Jose Sanchez Uribe couldn’t help but get emotional as he recalled opening the envelope containing his first college acceptance letter.
“My mom, my dad and I, we hugged in the kitchen,” he said, his voice breaking. “The first time anyone in my parents’ family had gone to college; it was a huge milestone for all of us.”
Now the Estancia High School alumnus holds undergraduate and graduate degrees in sports medicine from Cal State Long Beach.
In his mind, he may not have gotten to that point without the services and support of Save Our Youth, a Costa Mesa-based nonprofit.
Last week he joined about 200 other people at the Chuck Jones Center for Creativity at South Coast Collection for SOY’s annual Fiesta fundraiser, which this year doubled as the organization’s 25th-anniversary celebration.
“I’m grateful for what SOY has done for me, provided for me,” Sanchez Uribe, now a SOY board member, told the crowd. “I’m grateful for everything you have provided to SOY and that we’ve been able to keep SOY afloat even during its hard times. It definitely has changed some lives.
“Here’s to another 25 years.”
Tools for success
In 1993, a group of parents and residents fed up with escalating gang violence in Costa Mesa’s Westside banded together to establish SOY.
The goal was to give teenagers in the area — many of whom come from lower-income households or are the children of recent immigrants — the tutoring, mentorship, support and resources to make them successful in middle school, high school and beyond.
Today, operating out of its center in the heart of the Westside, SOY provides a bevy of academic, health, arts, dance and music programs to roughly 400 students each year.
Officials estimate the organization has served more than 10,000 youths in the past quarter-century.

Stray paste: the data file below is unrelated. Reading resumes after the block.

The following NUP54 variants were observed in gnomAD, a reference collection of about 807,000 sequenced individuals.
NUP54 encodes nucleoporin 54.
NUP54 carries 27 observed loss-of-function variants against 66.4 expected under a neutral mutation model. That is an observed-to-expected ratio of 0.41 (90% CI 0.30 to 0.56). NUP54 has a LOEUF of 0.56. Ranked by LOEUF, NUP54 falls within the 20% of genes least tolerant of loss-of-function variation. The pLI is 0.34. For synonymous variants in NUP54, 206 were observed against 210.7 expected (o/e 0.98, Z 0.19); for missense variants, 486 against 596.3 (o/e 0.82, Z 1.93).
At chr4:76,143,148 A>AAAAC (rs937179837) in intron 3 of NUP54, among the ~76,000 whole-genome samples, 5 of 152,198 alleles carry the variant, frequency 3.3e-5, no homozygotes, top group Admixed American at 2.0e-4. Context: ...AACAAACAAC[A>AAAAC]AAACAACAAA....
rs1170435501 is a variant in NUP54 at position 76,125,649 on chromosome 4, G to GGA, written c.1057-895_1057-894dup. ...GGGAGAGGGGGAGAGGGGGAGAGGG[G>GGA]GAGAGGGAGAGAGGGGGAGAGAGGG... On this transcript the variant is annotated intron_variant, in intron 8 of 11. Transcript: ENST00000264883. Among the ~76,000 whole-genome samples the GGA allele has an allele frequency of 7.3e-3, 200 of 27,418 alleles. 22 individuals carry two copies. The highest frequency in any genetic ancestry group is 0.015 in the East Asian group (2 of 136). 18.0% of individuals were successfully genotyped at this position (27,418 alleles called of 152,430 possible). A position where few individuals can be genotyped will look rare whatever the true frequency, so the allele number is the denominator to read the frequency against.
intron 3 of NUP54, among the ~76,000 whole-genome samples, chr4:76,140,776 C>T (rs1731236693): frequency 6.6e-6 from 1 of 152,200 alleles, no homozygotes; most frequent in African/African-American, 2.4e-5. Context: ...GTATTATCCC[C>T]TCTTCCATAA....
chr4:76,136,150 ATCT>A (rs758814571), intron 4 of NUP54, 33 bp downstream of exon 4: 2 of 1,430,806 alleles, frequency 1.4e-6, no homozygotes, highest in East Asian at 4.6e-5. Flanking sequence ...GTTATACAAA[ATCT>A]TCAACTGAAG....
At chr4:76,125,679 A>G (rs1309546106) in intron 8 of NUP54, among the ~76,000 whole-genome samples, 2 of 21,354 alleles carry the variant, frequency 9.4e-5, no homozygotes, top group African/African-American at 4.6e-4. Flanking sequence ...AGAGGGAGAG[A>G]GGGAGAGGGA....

SOY has sought to “level the playing field” and ensure Westside children have “the same opportunities that all other kids had,” said Cesar Cappellini, the organization’s longtime board chairman.
Cappellini said SOY gives students a safe place to study and socialize and provides access to the internet and other technology that may otherwise not be not readily available to them.
“They treat SOY as a second home,” he said. “It’s part of their living room.”
‘Wide range of opportunities’
While many of SOY’s efforts tend toward the academic side, the organization also focuses on fitness, offering an array of classes and equipment at its center.
Regular hiking trips get students into nature and enable them to explore areas they may have never been before.
SOY also has a Girls Program aimed at empowering young women to tackle the challenges they face growing up.
“It gives the students a wide range of opportunities,” said Silvia Rosales, the organization’s operations manager. “You have students from the entire spectrum — from those who are really struggling in their academics to those that excel in their academics but probably never have been able to take a music lesson. So the actual center gives them the opportunity to be able to do a wealth of things.”
Perhaps the biggest eye-opener for students is the college tour. Each year, SOY takes a group on a whirlwind trip to several campuses throughout the state.
Angela Garcia, 18, a senior at Estancia High in Costa Mesa, went on the trip as a sophomore. As a result, she’s considering heading north — possibly to San Francisco — for college.
She said SOY helped her navigate the college application process.
“I had a place to ask questions,” she said. “Especially as a first-generation student, it’s kind of hard when even your parents don’t know what the heck a college application is. So I’m very grateful for the fact that I had SOY to lean on when I had really tough questions.”
Newport Harbor High School senior Kevin Castaneda, 17, has been attending SOY regularly for about two years. Now, he said, he feels like part of a community.
“This place is where we can all unite as a group and get along with everybody,” he said. “I have friends in eighth grade because of SOY. I have friends from Estancia, all these schools.”
‘Spirit and joy’
SOY officials don’t deny that things are different than they were 25 years ago. The changes include the organization’s address — it moved to a new facility at 2045 Meyer Place in 2016 after 23 years at what is now Rea Elementary School.
However, they say the community’s need and support for SOY have been constant.
“The one thing that hasn’t changed is the spirit and joy and wonderful warmth of all the supporters that we had through the years — all the volunteers and all the people who have made SOY what it really is,” Jean Forbath, one of SOY’s founders, said during last Friday’s Fiesta.
“Soy,” she pointed out, means “I am” in Spanish, as in, “I am a wonderful group of people who continue to show their love and support of young teens who desperately need what they have received from SOY for all these years.”